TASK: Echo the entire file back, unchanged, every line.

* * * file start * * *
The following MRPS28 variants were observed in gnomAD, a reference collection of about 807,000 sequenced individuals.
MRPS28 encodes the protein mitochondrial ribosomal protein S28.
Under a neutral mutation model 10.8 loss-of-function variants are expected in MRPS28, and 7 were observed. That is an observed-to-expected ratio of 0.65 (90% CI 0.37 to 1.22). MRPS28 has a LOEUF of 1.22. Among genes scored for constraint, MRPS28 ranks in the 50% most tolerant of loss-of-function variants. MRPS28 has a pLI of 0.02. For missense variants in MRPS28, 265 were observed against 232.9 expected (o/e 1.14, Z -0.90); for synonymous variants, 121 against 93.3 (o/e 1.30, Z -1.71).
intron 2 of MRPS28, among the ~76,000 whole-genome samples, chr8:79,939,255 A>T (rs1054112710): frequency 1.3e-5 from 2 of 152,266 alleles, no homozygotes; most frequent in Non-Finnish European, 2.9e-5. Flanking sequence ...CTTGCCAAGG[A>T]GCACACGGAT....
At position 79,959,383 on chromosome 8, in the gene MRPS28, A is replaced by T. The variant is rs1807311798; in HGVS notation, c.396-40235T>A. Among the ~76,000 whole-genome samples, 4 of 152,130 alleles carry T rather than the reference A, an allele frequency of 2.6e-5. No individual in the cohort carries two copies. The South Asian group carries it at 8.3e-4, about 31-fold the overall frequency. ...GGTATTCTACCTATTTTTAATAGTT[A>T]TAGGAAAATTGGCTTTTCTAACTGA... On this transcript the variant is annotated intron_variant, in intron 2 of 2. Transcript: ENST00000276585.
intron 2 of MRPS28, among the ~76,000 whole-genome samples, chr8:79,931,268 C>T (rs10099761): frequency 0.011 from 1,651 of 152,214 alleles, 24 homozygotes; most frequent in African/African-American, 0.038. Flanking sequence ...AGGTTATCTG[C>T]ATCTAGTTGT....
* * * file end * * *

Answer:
The following MRPS28 variants were observed in gnomAD, a reference collection of about 807,000 sequenced individuals.
MRPS28 encodes the protein mitochondrial ribosomal protein S28.
Under a neutral mutation model 10.8 loss-of-function variants are expected in MRPS28, and 7 were observed. That is an observed-to-expected ratio of 0.65 (90% CI 0.37 to 1.22). MRPS28 has a LOEUF of 1.22. Among genes scored for constraint, MRPS28 ranks in the 50% most tolerant of loss-of-function variants. MRPS28 has a pLI of 0.02. For missense variants in MRPS28, 265 were observed against 232.9 expected (o/e 1.14, Z -0.90); for synonymous variants, 121 against 93.3 (o/e 1.30, Z -1.71).
intron 2 of MRPS28, among the ~76,000 whole-genome samples, chr8:79,939,255 A>T (rs1054112710): frequency 1.3e-5 from 2 of 152,266 alleles, no homozygotes; most frequent in Non-Finnish European, 2.9e-5. Flanking sequence ...CTTGCCAAGG[A>T]GCACACGGAT....
At position 79,959,383 on chromosome 8, in the gene MRPS28, A is replaced by T. The variant is rs1807311798; in HGVS notation, c.396-40235T>A. Among the ~76,000 whole-genome samples, 4 of 152,130 alleles carry T rather than the reference A, an allele frequency of 2.6e-5. No individual in the cohort carries two copies. The South Asian group carries it at 8.3e-4, about 31-fold the overall frequency. ...GGTATTCTACCTATTTTTAATAGTT[A>T]TAGGAAAATTGGCTTTTCTAACTGA... On this transcript the variant is annotated intron_variant, in intron 2 of 2. Transcript: ENST00000276585.
intron 2 of MRPS28, among the ~76,000 whole-genome samples, chr8:79,931,268 C>T (rs10099761): frequency 0.011 from 1,651 of 152,214 alleles, 24 homozygotes; most frequent in African/African-American, 0.038. Flanking sequence ...AGGTTATCTG[C>T]ATCTAGTTGT....